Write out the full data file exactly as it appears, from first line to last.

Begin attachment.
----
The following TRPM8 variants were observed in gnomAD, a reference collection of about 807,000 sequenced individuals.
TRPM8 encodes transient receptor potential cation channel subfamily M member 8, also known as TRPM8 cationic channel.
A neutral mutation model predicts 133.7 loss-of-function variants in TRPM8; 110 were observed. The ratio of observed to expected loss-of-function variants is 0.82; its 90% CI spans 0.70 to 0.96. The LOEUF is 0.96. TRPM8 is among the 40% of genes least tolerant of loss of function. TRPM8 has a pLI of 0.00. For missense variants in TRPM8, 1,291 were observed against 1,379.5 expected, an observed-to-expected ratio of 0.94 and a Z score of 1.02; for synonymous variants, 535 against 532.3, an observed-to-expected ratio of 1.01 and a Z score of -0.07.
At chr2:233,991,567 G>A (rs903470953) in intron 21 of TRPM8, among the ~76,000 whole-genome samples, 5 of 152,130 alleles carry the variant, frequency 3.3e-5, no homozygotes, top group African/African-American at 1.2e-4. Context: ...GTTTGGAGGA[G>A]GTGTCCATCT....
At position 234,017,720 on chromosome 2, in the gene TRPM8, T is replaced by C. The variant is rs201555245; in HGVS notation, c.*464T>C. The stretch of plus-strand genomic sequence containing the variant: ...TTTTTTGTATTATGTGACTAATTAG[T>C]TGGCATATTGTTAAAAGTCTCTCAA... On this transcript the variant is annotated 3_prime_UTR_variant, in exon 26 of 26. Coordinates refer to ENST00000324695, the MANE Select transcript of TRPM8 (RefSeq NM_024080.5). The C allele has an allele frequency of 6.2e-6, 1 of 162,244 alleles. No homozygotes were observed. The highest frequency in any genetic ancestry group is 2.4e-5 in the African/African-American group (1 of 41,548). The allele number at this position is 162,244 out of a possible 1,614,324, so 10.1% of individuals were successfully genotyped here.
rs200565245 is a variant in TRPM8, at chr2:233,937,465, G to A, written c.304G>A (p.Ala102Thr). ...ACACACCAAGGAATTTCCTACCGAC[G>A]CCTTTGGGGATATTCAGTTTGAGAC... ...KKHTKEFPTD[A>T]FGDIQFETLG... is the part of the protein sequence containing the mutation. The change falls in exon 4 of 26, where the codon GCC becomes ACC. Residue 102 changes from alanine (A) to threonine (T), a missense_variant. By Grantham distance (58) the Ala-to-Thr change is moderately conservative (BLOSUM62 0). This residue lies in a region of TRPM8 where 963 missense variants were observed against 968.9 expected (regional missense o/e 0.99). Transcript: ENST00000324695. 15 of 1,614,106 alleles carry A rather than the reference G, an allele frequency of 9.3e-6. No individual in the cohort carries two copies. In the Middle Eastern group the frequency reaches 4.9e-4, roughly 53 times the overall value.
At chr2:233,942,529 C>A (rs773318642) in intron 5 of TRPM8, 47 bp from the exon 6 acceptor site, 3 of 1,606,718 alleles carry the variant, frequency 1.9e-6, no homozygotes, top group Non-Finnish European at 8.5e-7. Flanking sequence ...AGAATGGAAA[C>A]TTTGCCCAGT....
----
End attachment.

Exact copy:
The following TRPM8 variants were observed in gnomAD, a reference collection of about 807,000 sequenced individuals.
TRPM8 encodes transient receptor potential cation channel subfamily M member 8, also known as TRPM8 cationic channel.
A neutral mutation model predicts 133.7 loss-of-function variants in TRPM8; 110 were observed. The ratio of observed to expected loss-of-function variants is 0.82; its 90% CI spans 0.70 to 0.96. The LOEUF is 0.96. TRPM8 is among the 40% of genes least tolerant of loss of function. TRPM8 has a pLI of 0.00. For missense variants in TRPM8, 1,291 were observed against 1,379.5 expected, an observed-to-expected ratio of 0.94 and a Z score of 1.02; for synonymous variants, 535 against 532.3, an observed-to-expected ratio of 1.01 and a Z score of -0.07.
At chr2:233,991,567 G>A (rs903470953) in intron 21 of TRPM8, among the ~76,000 whole-genome samples, 5 of 152,130 alleles carry the variant, frequency 3.3e-5, no homozygotes, top group African/African-American at 1.2e-4. Context: ...GTTTGGAGGA[G>A]GTGTCCATCT....
At position 234,017,720 on chromosome 2, in the gene TRPM8, T is replaced by C. The variant is rs201555245; in HGVS notation, c.*464T>C. The stretch of plus-strand genomic sequence containing the variant: ...TTTTTTGTATTATGTGACTAATTAG[T>C]TGGCATATTGTTAAAAGTCTCTCAA... On this transcript the variant is annotated 3_prime_UTR_variant, in exon 26 of 26. Coordinates refer to ENST00000324695, the MANE Select transcript of TRPM8 (RefSeq NM_024080.5). The C allele has an allele frequency of 6.2e-6, 1 of 162,244 alleles. No homozygotes were observed. The highest frequency in any genetic ancestry group is 2.4e-5 in the African/African-American group (1 of 41,548). The allele number at this position is 162,244 out of a possible 1,614,324, so 10.1% of individuals were successfully genotyped here.
rs200565245 is a variant in TRPM8, at chr2:233,937,465, G to A, written c.304G>A (p.Ala102Thr). ...ACACACCAAGGAATTTCCTACCGAC[G>A]CCTTTGGGGATATTCAGTTTGAGAC... ...KKHTKEFPTD[A>T]FGDIQFETLG... is the part of the protein sequence containing the mutation. The change falls in exon 4 of 26, where the codon GCC becomes ACC. Residue 102 changes from alanine (A) to threonine (T), a missense_variant. By Grantham distance (58) the Ala-to-Thr change is moderately conservative (BLOSUM62 0). This residue lies in a region of TRPM8 where 963 missense variants were observed against 968.9 expected (regional missense o/e 0.99). Transcript: ENST00000324695. 15 of 1,614,106 alleles carry A rather than the reference G, an allele frequency of 9.3e-6. No individual in the cohort carries two copies. In the Middle Eastern group the frequency reaches 4.9e-4, roughly 53 times the overall value.
At chr2:233,942,529 C>A (rs773318642) in intron 5 of TRPM8, 47 bp from the exon 6 acceptor site, 3 of 1,606,718 alleles carry the variant, frequency 1.9e-6, no homozygotes, top group Non-Finnish European at 8.5e-7. Flanking sequence ...AGAATGGAAA[C>A]TTTGCCCAGT....